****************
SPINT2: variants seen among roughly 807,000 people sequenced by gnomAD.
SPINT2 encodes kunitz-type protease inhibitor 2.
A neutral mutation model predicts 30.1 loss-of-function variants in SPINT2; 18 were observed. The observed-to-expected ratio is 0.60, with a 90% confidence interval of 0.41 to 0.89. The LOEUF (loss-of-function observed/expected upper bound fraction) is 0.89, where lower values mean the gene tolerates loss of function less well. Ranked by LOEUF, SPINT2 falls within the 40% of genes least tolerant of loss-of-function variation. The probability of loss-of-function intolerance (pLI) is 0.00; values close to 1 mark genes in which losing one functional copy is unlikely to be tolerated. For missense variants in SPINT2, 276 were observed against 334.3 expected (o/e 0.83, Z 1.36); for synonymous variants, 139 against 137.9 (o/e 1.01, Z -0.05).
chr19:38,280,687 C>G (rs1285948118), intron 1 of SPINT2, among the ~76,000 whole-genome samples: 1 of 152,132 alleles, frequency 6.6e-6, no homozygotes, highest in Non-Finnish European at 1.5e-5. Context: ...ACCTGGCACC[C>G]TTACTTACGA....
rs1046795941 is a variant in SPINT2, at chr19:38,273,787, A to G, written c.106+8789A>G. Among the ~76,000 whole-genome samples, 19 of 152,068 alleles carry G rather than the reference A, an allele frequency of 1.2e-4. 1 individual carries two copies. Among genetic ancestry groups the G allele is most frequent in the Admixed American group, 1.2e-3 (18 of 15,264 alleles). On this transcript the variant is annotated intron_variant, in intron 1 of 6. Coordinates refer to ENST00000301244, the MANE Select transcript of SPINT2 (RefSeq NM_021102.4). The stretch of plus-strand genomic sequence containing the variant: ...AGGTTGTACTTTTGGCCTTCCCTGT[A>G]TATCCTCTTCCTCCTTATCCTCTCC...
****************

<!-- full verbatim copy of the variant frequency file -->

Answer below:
SPINT2: variants seen among roughly 807,000 people sequenced by gnomAD.
SPINT2 encodes kunitz-type protease inhibitor 2.
A neutral mutation model predicts 30.1 loss-of-function variants in SPINT2; 18 were observed. The observed-to-expected ratio is 0.60, with a 90% confidence interval of 0.41 to 0.89. The LOEUF (loss-of-function observed/expected upper bound fraction) is 0.89, where lower values mean the gene tolerates loss of function less well. Ranked by LOEUF, SPINT2 falls within the 40% of genes least tolerant of loss-of-function variation. The probability of loss-of-function intolerance (pLI) is 0.00; values close to 1 mark genes in which losing one functional copy is unlikely to be tolerated. For missense variants in SPINT2, 276 were observed against 334.3 expected (o/e 0.83, Z 1.36); for synonymous variants, 139 against 137.9 (o/e 1.01, Z -0.05).
chr19:38,280,687 C>G (rs1285948118), intron 1 of SPINT2, among the ~76,000 whole-genome samples: 1 of 152,132 alleles, frequency 6.6e-6, no homozygotes, highest in Non-Finnish European at 1.5e-5. Context: ...ACCTGGCACC[C>G]TTACTTACGA....
rs1046795941 is a variant in SPINT2, at chr19:38,273,787, A to G, written c.106+8789A>G. Among the ~76,000 whole-genome samples, 19 of 152,068 alleles carry G rather than the reference A, an allele frequency of 1.2e-4. 1 individual carries two copies. Among genetic ancestry groups the G allele is most frequent in the Admixed American group, 1.2e-3 (18 of 15,264 alleles). On this transcript the variant is annotated intron_variant, in intron 1 of 6. Coordinates refer to ENST00000301244, the MANE Select transcript of SPINT2 (RefSeq NM_021102.4). The stretch of plus-strand genomic sequence containing the variant: ...AGGTTGTACTTTTGGCCTTCCCTGT[A>G]TATCCTCTTCCTCCTTATCCTCTCC...